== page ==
I have never spoken with my father or any other person about the first lies and the standards they subsequently imposed on me. But it is very fortunate that I experienced the loss of innocence as an icy incision and painful misfortune and for this reason too have never forgotten January 1983. Thus in the end the spark in language, the initial intuition and the need for truth always persisted in me. The spark simply refused to die. But the path back to innocence is long and difficult. The mountain ranges of the soul which have to be overcome grow higher with the years. It requires a new and second birth to return to its fold. Learning to die in this sense is a separate chapter. A new language, a new country may perhaps have made that possible in my case. It was a necessary death. It had many facets and stages. But at its end lies the land of conscience which raises us up and takes us on a brighter path. It keeps broadcasting to me. My little radio station of the soul does not grow quieter. It asks much of me. Are there exceptions when we lie?, it permits me to ask. Yes. There is a form of pious lie which helps another person or saves them when circumstances demand.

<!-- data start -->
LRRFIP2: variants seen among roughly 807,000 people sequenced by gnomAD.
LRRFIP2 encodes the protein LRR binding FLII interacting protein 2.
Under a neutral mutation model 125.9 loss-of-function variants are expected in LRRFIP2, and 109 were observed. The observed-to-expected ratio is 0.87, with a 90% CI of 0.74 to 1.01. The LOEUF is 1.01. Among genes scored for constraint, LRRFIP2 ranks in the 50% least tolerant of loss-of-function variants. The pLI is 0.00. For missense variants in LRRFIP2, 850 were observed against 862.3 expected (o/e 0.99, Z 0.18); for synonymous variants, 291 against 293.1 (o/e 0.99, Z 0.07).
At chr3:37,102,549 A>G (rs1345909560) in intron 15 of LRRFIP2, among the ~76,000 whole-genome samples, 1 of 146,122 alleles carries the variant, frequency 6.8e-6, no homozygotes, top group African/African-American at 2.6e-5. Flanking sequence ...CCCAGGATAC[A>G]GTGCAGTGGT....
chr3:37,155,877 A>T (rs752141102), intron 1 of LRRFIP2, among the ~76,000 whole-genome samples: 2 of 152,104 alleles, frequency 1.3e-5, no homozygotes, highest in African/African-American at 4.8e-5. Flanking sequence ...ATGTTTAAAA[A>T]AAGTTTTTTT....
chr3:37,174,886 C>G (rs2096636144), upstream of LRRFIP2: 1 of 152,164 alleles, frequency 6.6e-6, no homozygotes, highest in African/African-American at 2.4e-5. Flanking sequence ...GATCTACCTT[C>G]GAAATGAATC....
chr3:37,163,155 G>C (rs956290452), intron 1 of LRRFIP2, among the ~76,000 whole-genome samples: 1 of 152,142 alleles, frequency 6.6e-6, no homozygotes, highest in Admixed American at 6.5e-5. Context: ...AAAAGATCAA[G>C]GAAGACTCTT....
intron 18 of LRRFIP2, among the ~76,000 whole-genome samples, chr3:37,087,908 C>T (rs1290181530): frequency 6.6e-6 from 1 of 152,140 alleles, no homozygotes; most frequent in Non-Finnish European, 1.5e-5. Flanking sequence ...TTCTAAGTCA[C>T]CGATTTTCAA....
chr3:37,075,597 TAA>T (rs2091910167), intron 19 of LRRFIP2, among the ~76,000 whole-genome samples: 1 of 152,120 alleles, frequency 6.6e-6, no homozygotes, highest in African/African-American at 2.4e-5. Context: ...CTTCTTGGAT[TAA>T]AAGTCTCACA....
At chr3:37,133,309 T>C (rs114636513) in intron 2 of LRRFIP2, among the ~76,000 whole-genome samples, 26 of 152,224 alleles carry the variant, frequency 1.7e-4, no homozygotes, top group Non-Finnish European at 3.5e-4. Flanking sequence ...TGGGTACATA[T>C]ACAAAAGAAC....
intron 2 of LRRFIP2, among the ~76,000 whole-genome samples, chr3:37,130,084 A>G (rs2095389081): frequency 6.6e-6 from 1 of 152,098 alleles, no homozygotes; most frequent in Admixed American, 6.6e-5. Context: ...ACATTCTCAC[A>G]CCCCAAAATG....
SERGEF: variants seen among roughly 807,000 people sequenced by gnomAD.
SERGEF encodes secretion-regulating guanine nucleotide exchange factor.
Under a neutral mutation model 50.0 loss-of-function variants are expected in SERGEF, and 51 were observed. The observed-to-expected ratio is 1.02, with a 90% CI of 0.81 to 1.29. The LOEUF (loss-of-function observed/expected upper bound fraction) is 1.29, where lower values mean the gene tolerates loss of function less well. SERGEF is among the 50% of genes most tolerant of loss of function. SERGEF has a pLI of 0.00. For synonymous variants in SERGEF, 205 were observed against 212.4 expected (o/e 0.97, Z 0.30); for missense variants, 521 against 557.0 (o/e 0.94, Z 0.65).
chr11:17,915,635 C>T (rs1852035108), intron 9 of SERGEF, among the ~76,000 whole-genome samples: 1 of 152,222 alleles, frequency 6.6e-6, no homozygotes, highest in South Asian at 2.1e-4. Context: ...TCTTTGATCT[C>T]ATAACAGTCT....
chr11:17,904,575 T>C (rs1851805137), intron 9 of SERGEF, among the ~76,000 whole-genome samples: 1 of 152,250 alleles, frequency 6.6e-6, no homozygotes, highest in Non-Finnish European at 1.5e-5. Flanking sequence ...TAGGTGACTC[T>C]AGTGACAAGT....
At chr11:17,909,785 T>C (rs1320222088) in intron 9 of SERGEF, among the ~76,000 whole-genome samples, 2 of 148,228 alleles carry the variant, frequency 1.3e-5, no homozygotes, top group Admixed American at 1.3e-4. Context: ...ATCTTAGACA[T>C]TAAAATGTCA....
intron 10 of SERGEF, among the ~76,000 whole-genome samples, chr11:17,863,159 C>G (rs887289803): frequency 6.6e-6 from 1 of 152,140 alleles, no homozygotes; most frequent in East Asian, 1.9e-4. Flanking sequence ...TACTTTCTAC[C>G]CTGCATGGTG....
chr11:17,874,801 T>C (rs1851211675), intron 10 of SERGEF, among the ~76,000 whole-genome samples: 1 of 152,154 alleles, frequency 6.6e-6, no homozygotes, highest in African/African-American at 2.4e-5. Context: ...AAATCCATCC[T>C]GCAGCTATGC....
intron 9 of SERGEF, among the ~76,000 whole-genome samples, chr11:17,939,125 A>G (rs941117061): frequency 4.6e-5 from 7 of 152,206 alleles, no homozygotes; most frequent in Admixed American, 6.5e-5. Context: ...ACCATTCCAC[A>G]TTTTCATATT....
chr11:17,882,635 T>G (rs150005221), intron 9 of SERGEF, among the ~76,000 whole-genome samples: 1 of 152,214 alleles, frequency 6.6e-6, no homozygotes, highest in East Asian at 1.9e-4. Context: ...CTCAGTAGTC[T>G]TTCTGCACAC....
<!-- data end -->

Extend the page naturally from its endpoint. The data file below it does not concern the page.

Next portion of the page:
All other types of lying are subject to a heaviness the weight of which we only recognise when the paths on which we walk no longer know our origin, when we have cut ourselves off from the beginning which we are. Only disintegration can then enable new paths. The imperfect, small things can be grasped again, we marvel at them – like the injured tiny wings of an insect or the inner life of a flower: pollen, unexpectedly. Only in this way can we start ourselves over again – in the scatterings of our own imperfection, in the lack of direction of our actions. In a breath which has no goal, no interest but is already the goal, a life of voluntary action. Open. Inconclusive. Subject to the fresh air of truth from all sides.

About the author: Marica Bodrožić was born in Dalmatia in 1973. In 1983 she moved to Hesse, Germany. She writes poetry, novels, stories and essays which always move in a resonance chamber between ethics and aesthetics. She has won numerous awards for her books, not least the literature prize of the Konrad Adenauer Foundation and the Ricarda Huch Prize. Marica Bodrožić lives as a freelance writer in Berlin. Her Poetische Vernunft im Zeitalter gusseiserner Begriffe was published in 2019.